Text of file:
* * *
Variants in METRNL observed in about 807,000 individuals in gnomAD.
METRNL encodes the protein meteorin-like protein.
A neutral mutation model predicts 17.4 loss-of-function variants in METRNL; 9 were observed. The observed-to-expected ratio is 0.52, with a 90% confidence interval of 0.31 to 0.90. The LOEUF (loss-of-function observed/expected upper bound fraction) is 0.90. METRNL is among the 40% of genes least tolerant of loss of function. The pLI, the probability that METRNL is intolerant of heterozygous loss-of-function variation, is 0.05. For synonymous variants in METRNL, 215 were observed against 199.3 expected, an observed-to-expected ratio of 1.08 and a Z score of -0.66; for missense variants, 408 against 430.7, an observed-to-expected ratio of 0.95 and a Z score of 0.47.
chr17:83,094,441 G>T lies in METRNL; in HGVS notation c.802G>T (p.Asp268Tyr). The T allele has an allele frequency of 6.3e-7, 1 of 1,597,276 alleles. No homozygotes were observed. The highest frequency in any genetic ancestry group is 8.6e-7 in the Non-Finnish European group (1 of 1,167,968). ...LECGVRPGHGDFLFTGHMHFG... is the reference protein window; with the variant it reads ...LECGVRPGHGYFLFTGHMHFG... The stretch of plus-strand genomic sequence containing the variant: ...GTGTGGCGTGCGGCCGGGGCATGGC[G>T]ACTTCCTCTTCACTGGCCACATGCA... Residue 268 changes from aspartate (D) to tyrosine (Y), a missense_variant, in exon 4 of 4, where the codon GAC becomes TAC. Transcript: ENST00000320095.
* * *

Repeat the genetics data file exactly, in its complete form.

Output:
Variants in METRNL observed in about 807,000 individuals in gnomAD.
METRNL encodes the protein meteorin-like protein.
A neutral mutation model predicts 17.4 loss-of-function variants in METRNL; 9 were observed. The observed-to-expected ratio is 0.52, with a 90% confidence interval of 0.31 to 0.90. The LOEUF (loss-of-function observed/expected upper bound fraction) is 0.90. METRNL is among the 40% of genes least tolerant of loss of function. The pLI, the probability that METRNL is intolerant of heterozygous loss-of-function variation, is 0.05. For synonymous variants in METRNL, 215 were observed against 199.3 expected, an observed-to-expected ratio of 1.08 and a Z score of -0.66; for missense variants, 408 against 430.7, an observed-to-expected ratio of 0.95 and a Z score of 0.47.
chr17:83,094,441 G>T lies in METRNL; in HGVS notation c.802G>T (p.Asp268Tyr). The T allele has an allele frequency of 6.3e-7, 1 of 1,597,276 alleles. No homozygotes were observed. The highest frequency in any genetic ancestry group is 8.6e-7 in the Non-Finnish European group (1 of 1,167,968). ...LECGVRPGHGDFLFTGHMHFG... is the reference protein window; with the variant it reads ...LECGVRPGHGYFLFTGHMHFG... The stretch of plus-strand genomic sequence containing the variant: ...GTGTGGCGTGCGGCCGGGGCATGGC[G>T]ACTTCCTCTTCACTGGCCACATGCA... Residue 268 changes from aspartate (D) to tyrosine (Y), a missense_variant, in exon 4 of 4, where the codon GAC becomes TAC. Transcript: ENST00000320095.